View Full Version : Hard start when hot with new dist
08-18-2003, 10:58 AM
I have been running the following for quite a few years -single point dist. 6al box and blaster 2 coil. This summer I installed a MSD 8361 dist and when the engine was hot it would be very hard to restart not knowing exactly what the problem was I reinstalled the points dist and everything was back to normal (easy hot starts) No ballast resistor has every been installed.
Any suggestions?? Thanks Garry
08-18-2003, 09:27 PM
What is your initial timing set at and which bushing and springs are you running in the MSD Distributor? Also, do you know what the original timing curve was from your points distributor? You may want to check the timing with the points distributor installed while the engine is being started and then do the same with the MSD Distributor. Compare the two numbers to see if they are the same.
08-19-2003, 05:58 AM
When I mean hard start I mean that the engine will crank o.k. but will not fire. Leaving the hood open for a few minutes and it will fire up. One time I stalled it and it would not fire up until I opened the hood and in five minutes fired. Checked for gas and that was not a prob. Water temp was at 185 so excessive heat was ruled out. I had a similar problem about 6 years ago when I installed an Accel pointless dist Same no start when hot but with that dist it was a 30 to 60 minute cool down before restart. So I decided that this year was time for an up grade with all MSD parts and now I still can't use my new dist.Once again with old dist starting cold or hot is instant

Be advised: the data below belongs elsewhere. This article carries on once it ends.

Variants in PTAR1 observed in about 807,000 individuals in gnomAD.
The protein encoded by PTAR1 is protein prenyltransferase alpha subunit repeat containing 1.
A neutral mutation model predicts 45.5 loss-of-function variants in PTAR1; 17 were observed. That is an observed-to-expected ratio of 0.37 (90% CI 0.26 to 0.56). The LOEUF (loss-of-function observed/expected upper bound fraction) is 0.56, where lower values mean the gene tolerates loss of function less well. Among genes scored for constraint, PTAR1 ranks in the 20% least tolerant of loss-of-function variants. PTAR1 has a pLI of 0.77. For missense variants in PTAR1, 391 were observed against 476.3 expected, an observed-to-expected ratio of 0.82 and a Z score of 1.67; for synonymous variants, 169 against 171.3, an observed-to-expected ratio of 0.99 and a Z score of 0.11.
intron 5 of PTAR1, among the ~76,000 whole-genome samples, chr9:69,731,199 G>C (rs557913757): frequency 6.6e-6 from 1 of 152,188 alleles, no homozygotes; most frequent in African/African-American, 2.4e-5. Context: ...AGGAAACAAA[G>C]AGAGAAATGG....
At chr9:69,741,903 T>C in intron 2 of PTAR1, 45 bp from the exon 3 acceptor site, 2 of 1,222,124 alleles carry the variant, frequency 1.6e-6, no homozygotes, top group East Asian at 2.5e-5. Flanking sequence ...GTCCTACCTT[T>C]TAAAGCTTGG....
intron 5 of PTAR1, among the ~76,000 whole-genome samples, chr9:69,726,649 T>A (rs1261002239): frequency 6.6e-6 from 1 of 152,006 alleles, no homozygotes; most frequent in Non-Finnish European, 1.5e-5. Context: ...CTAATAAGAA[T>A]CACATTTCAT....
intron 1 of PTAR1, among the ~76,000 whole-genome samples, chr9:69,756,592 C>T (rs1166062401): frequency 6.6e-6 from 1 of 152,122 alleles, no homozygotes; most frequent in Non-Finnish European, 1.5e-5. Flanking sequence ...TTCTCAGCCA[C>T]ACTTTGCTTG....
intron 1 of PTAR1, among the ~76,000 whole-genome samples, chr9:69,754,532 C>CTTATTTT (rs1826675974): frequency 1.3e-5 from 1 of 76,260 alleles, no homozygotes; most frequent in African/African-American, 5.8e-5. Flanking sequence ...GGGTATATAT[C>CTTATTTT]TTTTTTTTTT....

Please help Have a $200 dist on workbench and $50 p.o.s. in car that works. Thanks
08-19-2003, 06:03 AM
Sorry I didn't answer your questions. Timing was set as close as possible to the points dist. 18 initial andabout 14 centrifugal also tried vac hooked and also plugged.But the engine never cranked hard just no fire when hot.
08-19-2003, 08:51 AM
Since the engine cranks easy but does not start, make sure that you have a ground from the engine to the chassis. Poor ground could cause hard starting. Although if you are not getting any spark you will have to perform this spark test, but has to be perform when the engine does not fire.
Checking The MSD Ignition For Spark
The following test will determine if your MSD is producing a spark.
Magnetic Pickup Trigger:
If you are using the 2-Pin Magnetic Pickup of the MSD to trigger the ignition, follow these steps.
1. Make sure the ignition switch is in the Off position.
2. Remove the coil wire from the distributor cap and position the terminal so it is approximately 1/2" from a good ground.